Last Saturday, Pastor Walter Mitty, Asch and Dominique happened to walk into the Main Café at the same time. It was the first time they had been together in person for the weekly men’s fellowship breakfast in 15 months.

Alice, sporting an American flag apron, greeted them with, “Well, if it isn’t the bleeding-heart liberals club.” 

“It’s good to see you too,” Dominique replied with a smile. “I see that you and the other servers are wearing aprons decorated for Memorial Day.”

She put her hands on her hips and said, “Yeah, well someone in this town has to show a little patriotism.”

On their way to the big table in the back corner of the diner, Asch leaned over to Dominique and said, “That’s the first time anyone has called me a liberal.”

And Dominique replied, “For Alice, anyone who admires Liz Cheney is a liberal!”

Pastor Mitty tried to steer the conversation toward the Pentecost story and the gift of the Holy Spirit which he had preached on seven days earlier, but the six men sitting around the table wanted to keep coming back to Memorial Day.

Asch started the conversation with a question. “Am I the only veteran at the table?” his eyes panning the six other faces.

“I never thought about it before,” confessed Eric Anderson, “but you’re right, Asch.”

That opened the door for the secretary of the Poplar Park American Legion Post to wax eloquent about the flag, motherhood and apple pie. “OK, so Alice is a curmudgeon,” he began, “but don’t let her grumpiness prevent you from hearing what she has to say. I mean, when was the last time we sang God Bless America in church? We used to have the American flag standing just to the right of the altar.”

“I’m only 25,” said Troy Williams as he spread grape jelly on his toast, “so I don’t understand why the American flag is such a bone of contention.”

Asch drew a deep breath. “Troy, the flag used to be a symbol that drew Americans together. Kind of a spiritual glue. But now it seems like liberals — or at least the ones on the far left — are ashamed of it. Like they feel they have to apologize to the rest of the world for being citizens of a country, which thousands and thousands of people risk their lives trying to get into.”

“As you know, Troy,” said Dominique when he saw that Asch had paused to let someone else join the conversation, “I didn’t vote for 45 even though I’m a card-carrying Republican. Just like Asch, I wish Americans were more patriotic. Part of the problem is that the flag — like face masks, Birkenstock sandals, and cowboy boots — have become so politicized. If you hesitate to get a vaccine, you also get labeled as a believer in the Big Lie.”

“You mean sort of like what happened to Colin Kaepernick?”

“Well, yeah.” Dominique looked around the table at the six other heads nodding in agreement. “You saw the pictures of the riot on Jan. 6th, right? Remember how you saw the American flag right next to the Confederate battle flag?”

After thinking for a moment, Troy asked, “But isn’t that like letting those crazies define the meaning of what Asch said used to unite us?”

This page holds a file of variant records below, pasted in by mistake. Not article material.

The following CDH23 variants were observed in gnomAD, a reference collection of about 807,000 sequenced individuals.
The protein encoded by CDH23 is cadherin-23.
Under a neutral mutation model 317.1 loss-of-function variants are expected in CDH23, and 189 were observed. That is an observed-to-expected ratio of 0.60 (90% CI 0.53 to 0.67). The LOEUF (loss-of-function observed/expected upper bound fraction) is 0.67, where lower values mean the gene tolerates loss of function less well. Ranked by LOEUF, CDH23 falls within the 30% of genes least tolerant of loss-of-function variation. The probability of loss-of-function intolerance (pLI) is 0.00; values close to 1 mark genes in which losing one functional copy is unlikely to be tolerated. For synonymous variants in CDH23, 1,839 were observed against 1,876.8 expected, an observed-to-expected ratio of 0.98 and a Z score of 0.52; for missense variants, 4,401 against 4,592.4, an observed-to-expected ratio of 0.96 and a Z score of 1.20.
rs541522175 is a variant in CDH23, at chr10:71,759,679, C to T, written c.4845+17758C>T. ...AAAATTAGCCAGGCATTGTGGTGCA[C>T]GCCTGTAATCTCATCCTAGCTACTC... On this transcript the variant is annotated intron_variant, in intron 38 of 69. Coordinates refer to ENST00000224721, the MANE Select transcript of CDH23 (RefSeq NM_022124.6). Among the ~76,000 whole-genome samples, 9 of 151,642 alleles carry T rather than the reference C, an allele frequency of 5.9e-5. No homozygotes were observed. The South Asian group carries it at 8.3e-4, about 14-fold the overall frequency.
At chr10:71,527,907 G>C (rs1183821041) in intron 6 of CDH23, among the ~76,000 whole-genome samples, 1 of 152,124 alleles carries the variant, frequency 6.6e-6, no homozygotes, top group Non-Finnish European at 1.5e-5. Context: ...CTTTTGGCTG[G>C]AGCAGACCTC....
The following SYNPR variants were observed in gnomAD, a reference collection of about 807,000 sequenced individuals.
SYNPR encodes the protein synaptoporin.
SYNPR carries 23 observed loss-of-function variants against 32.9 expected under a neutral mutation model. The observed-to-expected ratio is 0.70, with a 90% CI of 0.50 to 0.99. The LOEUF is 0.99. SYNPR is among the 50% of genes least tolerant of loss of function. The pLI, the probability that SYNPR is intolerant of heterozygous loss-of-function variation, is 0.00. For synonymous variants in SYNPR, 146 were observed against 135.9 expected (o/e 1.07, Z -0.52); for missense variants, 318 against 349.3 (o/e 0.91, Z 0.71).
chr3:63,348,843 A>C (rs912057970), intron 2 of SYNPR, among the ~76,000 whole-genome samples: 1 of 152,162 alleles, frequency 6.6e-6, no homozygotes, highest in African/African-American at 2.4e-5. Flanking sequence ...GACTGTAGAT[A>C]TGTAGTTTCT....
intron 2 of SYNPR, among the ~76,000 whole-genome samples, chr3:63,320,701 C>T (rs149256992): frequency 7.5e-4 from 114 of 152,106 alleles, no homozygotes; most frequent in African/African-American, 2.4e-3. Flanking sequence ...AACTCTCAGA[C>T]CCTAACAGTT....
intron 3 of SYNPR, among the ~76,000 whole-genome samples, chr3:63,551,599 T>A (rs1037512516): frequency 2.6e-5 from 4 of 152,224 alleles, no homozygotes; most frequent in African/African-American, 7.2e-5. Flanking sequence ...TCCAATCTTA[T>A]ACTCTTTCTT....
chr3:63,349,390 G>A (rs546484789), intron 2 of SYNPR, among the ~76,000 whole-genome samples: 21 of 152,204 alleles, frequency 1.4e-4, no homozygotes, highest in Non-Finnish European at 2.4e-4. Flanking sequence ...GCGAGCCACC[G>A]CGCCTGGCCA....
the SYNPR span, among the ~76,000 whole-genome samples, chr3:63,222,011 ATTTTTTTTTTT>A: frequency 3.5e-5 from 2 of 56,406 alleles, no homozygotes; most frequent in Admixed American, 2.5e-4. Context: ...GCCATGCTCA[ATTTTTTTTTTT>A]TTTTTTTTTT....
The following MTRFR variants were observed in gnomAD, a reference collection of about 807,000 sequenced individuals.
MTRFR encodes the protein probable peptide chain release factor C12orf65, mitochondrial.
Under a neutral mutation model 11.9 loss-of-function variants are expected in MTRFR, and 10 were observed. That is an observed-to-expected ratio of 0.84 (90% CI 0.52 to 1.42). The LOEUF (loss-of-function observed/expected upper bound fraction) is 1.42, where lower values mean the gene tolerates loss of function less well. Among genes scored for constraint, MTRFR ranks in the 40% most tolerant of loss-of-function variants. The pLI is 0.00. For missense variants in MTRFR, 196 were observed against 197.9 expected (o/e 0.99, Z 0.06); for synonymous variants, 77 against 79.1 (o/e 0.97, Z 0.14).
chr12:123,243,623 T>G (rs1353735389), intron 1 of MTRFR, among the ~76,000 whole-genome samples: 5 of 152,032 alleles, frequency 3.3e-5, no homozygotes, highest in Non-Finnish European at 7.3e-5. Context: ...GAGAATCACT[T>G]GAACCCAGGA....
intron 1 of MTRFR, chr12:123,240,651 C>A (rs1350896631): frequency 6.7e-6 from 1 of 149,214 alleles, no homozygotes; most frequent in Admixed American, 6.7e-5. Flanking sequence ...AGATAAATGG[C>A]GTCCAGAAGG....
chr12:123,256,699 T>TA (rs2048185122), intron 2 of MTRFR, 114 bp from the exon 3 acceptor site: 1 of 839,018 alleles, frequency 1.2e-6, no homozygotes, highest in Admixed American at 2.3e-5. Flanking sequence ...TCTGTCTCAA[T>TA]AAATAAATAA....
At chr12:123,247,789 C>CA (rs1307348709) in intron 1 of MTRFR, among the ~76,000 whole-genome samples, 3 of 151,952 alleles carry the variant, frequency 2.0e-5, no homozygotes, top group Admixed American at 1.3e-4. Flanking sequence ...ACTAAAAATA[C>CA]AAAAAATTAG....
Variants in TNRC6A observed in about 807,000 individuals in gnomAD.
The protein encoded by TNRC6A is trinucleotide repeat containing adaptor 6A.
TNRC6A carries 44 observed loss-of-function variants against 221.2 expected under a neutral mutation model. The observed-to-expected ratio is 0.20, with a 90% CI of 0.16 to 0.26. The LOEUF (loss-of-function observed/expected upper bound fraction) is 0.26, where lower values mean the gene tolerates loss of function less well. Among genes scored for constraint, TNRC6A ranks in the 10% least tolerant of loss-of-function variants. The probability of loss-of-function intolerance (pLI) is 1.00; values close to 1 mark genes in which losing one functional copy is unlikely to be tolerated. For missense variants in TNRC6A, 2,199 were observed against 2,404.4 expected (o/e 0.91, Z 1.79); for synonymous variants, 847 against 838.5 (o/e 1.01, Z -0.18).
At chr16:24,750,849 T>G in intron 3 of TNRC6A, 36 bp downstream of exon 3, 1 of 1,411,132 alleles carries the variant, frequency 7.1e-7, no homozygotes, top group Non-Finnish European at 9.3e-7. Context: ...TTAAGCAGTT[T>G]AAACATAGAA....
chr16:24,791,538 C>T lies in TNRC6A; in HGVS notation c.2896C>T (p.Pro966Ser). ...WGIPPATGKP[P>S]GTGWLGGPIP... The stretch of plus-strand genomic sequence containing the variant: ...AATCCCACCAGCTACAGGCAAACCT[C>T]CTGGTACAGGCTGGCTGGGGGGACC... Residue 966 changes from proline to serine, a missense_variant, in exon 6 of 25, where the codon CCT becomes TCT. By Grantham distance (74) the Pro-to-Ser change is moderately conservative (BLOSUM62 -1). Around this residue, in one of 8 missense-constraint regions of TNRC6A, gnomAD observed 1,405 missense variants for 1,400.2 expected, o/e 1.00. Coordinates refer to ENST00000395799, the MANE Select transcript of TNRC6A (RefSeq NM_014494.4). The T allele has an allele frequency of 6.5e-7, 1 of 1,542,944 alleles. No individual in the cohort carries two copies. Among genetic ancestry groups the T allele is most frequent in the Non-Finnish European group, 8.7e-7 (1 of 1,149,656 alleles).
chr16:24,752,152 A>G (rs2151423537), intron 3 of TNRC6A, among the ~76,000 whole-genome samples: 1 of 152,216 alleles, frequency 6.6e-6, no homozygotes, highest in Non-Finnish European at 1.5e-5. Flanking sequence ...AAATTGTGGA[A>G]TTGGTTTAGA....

Mitty let the silence hang for half a minute as the men chewed on their hash browns along with what their youngest member said. 

“Come to think of it,” Mitty said, “I saw President Biden on TV making some announcement and I thought I saw an American flag pin in his lapel. I have to believe he was making one small attempt to bridge the chasm created by the culture wars.”

“That reminds me of a book Trudi and I are reading,” Ryan Becker said as he folded his napkin and set it on the table. “It’s called The 5 Love Languages.”

Dominique nodded. “By Gary Chapman?”

“Right. What Chapman argues is that different people feel loved in ways that other people don’t, and if you want to nurture a relationship, you have to be kind of bilingual. Like know your friend’s or spouse’s language as well as your own.”

Asch was intrigued. “Say more.”

“Well, Trudi asked me the other day if I really loved her, and I got defensive and listed all the things I do for her. She said she appreciated that, but what she wanted most was to spend an hour at least every other day just talking about how each of us is feeling.”

Asch’s jaw dropped and his eyebrows lifted. “Almost verbatim what Dorothy keeps telling me.”

“I wonder,” Ryan concluded, “if President Biden is trying to speak a love language that conservatives understand.”

“Maybe you’re onto something,” said Eric. “I wonder if that was hard for him to do, I mean knowing it would be a turn off to some in his party.”

A lightbulb went on at that moment in the head of the pastor of Poplar Park Community Church. 

“Remember the Pentecost story from last Sunday?” he asked. “One of the things the Holy Spirit did was enable the disciples to speak to a diversity of people in different languages!”

“Even though it might not come naturally to them,” added Dominique.

“And even though,” Asch added with a semi-embarrassed smile, “it might have pushed them out of their comfort zones.”

“And the key,” thought Mitty, “is that you have to care more about nurturing the relationship than winning an argument.”

Tom Holmes writes a regular column for our sister publication, the Forest Park Review.

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Tom Holmes

Tom's been writing about religion – broadly defined – for years in the Journal. Tom's experience as a retired minister and his curiosity about matters of faith will make for an always insightful exploration...